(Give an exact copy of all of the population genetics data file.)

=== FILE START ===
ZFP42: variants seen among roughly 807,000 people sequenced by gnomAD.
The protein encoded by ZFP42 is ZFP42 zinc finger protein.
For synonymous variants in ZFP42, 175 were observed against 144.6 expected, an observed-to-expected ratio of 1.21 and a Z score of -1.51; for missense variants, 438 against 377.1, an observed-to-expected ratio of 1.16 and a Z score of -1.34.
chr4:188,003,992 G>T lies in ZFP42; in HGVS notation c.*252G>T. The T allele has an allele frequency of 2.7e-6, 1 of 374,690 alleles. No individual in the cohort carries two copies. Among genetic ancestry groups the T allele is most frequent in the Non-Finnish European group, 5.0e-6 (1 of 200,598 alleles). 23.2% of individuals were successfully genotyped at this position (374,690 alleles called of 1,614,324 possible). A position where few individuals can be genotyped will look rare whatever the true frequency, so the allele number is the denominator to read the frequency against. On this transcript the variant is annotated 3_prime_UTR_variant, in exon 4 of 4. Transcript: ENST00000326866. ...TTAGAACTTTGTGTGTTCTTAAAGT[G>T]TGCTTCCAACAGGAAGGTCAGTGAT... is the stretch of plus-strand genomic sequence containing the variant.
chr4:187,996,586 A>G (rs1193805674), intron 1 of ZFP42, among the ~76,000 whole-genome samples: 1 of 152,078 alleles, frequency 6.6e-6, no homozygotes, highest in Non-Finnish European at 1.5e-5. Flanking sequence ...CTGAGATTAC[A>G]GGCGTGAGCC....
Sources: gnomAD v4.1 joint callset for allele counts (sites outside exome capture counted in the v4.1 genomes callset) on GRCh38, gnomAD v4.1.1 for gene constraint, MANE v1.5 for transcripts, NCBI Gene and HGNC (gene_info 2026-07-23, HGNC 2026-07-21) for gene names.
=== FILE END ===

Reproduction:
ZFP42: variants seen among roughly 807,000 people sequenced by gnomAD.
The protein encoded by ZFP42 is ZFP42 zinc finger protein.
For synonymous variants in ZFP42, 175 were observed against 144.6 expected, an observed-to-expected ratio of 1.21 and a Z score of -1.51; for missense variants, 438 against 377.1, an observed-to-expected ratio of 1.16 and a Z score of -1.34.
chr4:188,003,992 G>T lies in ZFP42; in HGVS notation c.*252G>T. The T allele has an allele frequency of 2.7e-6, 1 of 374,690 alleles. No individual in the cohort carries two copies. Among genetic ancestry groups the T allele is most frequent in the Non-Finnish European group, 5.0e-6 (1 of 200,598 alleles). 23.2% of individuals were successfully genotyped at this position (374,690 alleles called of 1,614,324 possible). A position where few individuals can be genotyped will look rare whatever the true frequency, so the allele number is the denominator to read the frequency against. On this transcript the variant is annotated 3_prime_UTR_variant, in exon 4 of 4. Transcript: ENST00000326866. ...TTAGAACTTTGTGTGTTCTTAAAGT[G>T]TGCTTCCAACAGGAAGGTCAGTGAT... is the stretch of plus-strand genomic sequence containing the variant.
chr4:187,996,586 A>G (rs1193805674), intron 1 of ZFP42, among the ~76,000 whole-genome samples: 1 of 152,078 alleles, frequency 6.6e-6, no homozygotes, highest in Non-Finnish European at 1.5e-5. Flanking sequence ...CTGAGATTAC[A>G]GGCGTGAGCC....
Sources: gnomAD v4.1 joint callset for allele counts (sites outside exome capture counted in the v4.1 genomes callset) on GRCh38, gnomAD v4.1.1 for gene constraint, MANE v1.5 for transcripts, NCBI Gene and HGNC (gene_info 2026-07-23, HGNC 2026-07-21) for gene names.